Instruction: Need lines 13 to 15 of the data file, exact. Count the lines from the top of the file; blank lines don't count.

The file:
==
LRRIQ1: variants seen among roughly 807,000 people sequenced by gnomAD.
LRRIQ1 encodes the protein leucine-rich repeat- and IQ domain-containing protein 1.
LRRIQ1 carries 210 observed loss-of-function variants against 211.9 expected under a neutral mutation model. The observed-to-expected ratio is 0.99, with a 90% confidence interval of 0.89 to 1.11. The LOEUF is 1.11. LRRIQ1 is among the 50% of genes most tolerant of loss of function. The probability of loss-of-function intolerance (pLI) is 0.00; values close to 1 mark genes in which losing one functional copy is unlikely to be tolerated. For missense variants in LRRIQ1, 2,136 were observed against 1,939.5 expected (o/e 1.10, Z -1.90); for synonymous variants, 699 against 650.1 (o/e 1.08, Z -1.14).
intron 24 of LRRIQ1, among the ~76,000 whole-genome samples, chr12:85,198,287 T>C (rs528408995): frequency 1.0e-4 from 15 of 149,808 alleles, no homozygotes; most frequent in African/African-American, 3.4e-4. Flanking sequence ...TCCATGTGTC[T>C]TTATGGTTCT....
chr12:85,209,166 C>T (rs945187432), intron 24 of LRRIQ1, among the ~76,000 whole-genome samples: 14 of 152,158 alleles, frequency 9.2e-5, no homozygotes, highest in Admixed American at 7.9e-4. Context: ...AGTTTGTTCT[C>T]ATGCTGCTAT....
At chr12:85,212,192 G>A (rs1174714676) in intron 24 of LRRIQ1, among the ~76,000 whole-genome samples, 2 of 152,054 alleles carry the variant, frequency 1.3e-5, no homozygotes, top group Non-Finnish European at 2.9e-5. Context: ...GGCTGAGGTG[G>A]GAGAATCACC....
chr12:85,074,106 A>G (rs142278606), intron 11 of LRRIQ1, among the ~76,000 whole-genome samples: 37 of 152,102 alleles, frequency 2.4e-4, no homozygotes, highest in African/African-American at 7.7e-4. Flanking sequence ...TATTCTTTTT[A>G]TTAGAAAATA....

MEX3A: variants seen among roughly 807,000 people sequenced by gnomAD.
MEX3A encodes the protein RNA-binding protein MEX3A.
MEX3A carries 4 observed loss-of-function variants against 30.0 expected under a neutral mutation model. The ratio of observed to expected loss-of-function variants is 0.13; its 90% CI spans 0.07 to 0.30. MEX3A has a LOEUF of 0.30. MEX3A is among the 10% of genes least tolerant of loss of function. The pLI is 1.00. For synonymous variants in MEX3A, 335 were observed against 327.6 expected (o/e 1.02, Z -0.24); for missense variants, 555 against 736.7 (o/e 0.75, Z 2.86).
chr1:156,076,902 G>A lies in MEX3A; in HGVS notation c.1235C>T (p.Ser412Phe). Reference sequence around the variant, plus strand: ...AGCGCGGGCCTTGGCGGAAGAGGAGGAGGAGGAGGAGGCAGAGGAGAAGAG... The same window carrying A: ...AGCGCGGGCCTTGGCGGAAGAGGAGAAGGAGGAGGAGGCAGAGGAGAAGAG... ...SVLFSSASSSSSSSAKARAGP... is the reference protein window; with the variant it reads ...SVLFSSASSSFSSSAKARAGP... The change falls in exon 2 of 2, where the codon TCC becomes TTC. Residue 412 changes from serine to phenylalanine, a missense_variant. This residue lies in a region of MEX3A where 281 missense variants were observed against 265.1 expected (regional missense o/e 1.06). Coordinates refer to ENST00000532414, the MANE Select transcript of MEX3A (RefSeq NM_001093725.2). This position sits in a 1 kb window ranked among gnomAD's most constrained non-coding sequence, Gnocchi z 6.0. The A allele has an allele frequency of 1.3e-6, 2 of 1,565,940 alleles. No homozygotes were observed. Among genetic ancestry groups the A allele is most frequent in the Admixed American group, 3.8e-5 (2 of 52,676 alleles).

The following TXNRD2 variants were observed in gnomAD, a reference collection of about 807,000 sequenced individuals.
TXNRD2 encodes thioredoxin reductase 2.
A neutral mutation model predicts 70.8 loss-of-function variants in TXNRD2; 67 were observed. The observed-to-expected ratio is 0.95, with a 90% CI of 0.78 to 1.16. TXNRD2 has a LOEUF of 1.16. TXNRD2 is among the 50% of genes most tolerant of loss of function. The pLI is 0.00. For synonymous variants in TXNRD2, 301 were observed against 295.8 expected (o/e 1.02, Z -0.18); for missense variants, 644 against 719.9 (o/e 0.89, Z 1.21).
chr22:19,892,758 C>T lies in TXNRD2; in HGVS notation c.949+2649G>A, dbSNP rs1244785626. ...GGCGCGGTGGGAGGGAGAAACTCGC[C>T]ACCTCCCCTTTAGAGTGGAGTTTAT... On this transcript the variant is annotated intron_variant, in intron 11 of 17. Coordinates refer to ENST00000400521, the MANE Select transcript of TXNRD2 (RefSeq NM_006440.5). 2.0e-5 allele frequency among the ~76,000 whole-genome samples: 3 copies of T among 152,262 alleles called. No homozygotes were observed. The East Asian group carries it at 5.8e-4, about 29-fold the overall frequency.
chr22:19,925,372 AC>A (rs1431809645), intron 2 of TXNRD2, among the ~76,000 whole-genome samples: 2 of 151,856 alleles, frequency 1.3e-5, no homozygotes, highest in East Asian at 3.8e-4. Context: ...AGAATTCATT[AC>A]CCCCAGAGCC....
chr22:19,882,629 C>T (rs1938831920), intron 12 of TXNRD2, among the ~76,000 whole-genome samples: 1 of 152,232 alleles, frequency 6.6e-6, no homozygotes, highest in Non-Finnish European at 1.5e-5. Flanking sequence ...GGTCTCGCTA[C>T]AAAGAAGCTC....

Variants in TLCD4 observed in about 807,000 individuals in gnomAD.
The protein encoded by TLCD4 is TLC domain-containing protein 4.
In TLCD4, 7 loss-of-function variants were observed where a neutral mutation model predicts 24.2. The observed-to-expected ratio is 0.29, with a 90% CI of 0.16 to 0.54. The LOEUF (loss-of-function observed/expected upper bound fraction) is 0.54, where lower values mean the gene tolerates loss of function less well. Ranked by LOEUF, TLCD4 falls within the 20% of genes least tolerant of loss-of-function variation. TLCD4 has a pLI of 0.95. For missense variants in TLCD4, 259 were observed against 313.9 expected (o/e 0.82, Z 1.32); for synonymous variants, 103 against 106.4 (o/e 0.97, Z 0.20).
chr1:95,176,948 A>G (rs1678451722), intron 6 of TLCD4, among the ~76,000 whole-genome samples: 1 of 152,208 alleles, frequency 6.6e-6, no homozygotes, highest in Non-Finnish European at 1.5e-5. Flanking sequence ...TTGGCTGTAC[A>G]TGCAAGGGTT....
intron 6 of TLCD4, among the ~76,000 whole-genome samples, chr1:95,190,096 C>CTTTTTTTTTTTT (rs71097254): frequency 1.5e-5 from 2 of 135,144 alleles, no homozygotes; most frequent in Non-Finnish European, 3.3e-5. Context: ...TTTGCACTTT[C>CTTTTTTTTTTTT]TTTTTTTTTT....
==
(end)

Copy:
TXNRD2 encodes thioredoxin reductase 2.
A neutral mutation model predicts 70.8 loss-of-function variants in TXNRD2; 67 were observed. The observed-to-expected ratio is 0.95, with a 90% CI of 0.78 to 1.16. TXNRD2 has a LOEUF of 1.16. TXNRD2 is among the 50% of genes most tolerant of loss of function. The pLI is 0.00. For synonymous variants in TXNRD2, 301 were observed against 295.8 expected (o/e 1.02, Z -0.18); for missense variants, 644 against 719.9 (o/e 0.89, Z 1.21).
chr22:19,892,758 C>T lies in TXNRD2; in HGVS notation c.949+2649G>A, dbSNP rs1244785626. ...GGCGCGGTGGGAGGGAGAAACTCGC[C>T]ACCTCCCCTTTAGAGTGGAGTTTAT... On this transcript the variant is annotated intron_variant, in intron 11 of 17. Coordinates refer to ENST00000400521, the MANE Select transcript of TXNRD2 (RefSeq NM_006440.5). 2.0e-5 allele frequency among the ~76,000 whole-genome samples: 3 copies of T among 152,262 alleles called. No homozygotes were observed. The East Asian group carries it at 5.8e-4, about 29-fold the overall frequency.